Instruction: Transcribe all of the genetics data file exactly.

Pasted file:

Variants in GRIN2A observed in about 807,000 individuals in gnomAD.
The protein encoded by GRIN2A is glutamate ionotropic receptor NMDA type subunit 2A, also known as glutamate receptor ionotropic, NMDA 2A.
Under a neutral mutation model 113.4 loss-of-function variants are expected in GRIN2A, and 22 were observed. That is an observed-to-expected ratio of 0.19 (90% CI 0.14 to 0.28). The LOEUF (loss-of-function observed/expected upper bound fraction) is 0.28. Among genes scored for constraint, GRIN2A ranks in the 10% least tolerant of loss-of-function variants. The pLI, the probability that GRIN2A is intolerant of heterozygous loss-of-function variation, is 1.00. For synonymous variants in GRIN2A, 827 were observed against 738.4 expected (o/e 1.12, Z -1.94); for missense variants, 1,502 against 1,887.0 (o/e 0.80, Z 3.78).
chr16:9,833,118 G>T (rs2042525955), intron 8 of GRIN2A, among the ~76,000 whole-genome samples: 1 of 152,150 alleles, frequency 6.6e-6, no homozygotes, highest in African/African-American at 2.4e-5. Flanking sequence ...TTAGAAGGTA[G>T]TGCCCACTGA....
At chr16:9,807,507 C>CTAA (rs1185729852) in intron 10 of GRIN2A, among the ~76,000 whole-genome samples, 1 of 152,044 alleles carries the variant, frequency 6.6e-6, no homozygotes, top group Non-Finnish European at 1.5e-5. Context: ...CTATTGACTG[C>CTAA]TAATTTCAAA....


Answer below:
Variants in GRIN2A observed in about 807,000 individuals in gnomAD.
The protein encoded by GRIN2A is glutamate ionotropic receptor NMDA type subunit 2A, also known as glutamate receptor ionotropic, NMDA 2A.
Under a neutral mutation model 113.4 loss-of-function variants are expected in GRIN2A, and 22 were observed. That is an observed-to-expected ratio of 0.19 (90% CI 0.14 to 0.28). The LOEUF (loss-of-function observed/expected upper bound fraction) is 0.28. Among genes scored for constraint, GRIN2A ranks in the 10% least tolerant of loss-of-function variants. The pLI, the probability that GRIN2A is intolerant of heterozygous loss-of-function variation, is 1.00. For synonymous variants in GRIN2A, 827 were observed against 738.4 expected (o/e 1.12, Z -1.94); for missense variants, 1,502 against 1,887.0 (o/e 0.80, Z 3.78).
chr16:9,833,118 G>T (rs2042525955), intron 8 of GRIN2A, among the ~76,000 whole-genome samples: 1 of 152,150 alleles, frequency 6.6e-6, no homozygotes, highest in African/African-American at 2.4e-5. Flanking sequence ...TTAGAAGGTA[G>T]TGCCCACTGA....
At chr16:9,807,507 C>CTAA (rs1185729852) in intron 10 of GRIN2A, among the ~76,000 whole-genome samples, 1 of 152,044 alleles carries the variant, frequency 6.6e-6, no homozygotes, top group Non-Finnish European at 1.5e-5. Context: ...CTATTGACTG[C>CTAA]TAATTTCAAA....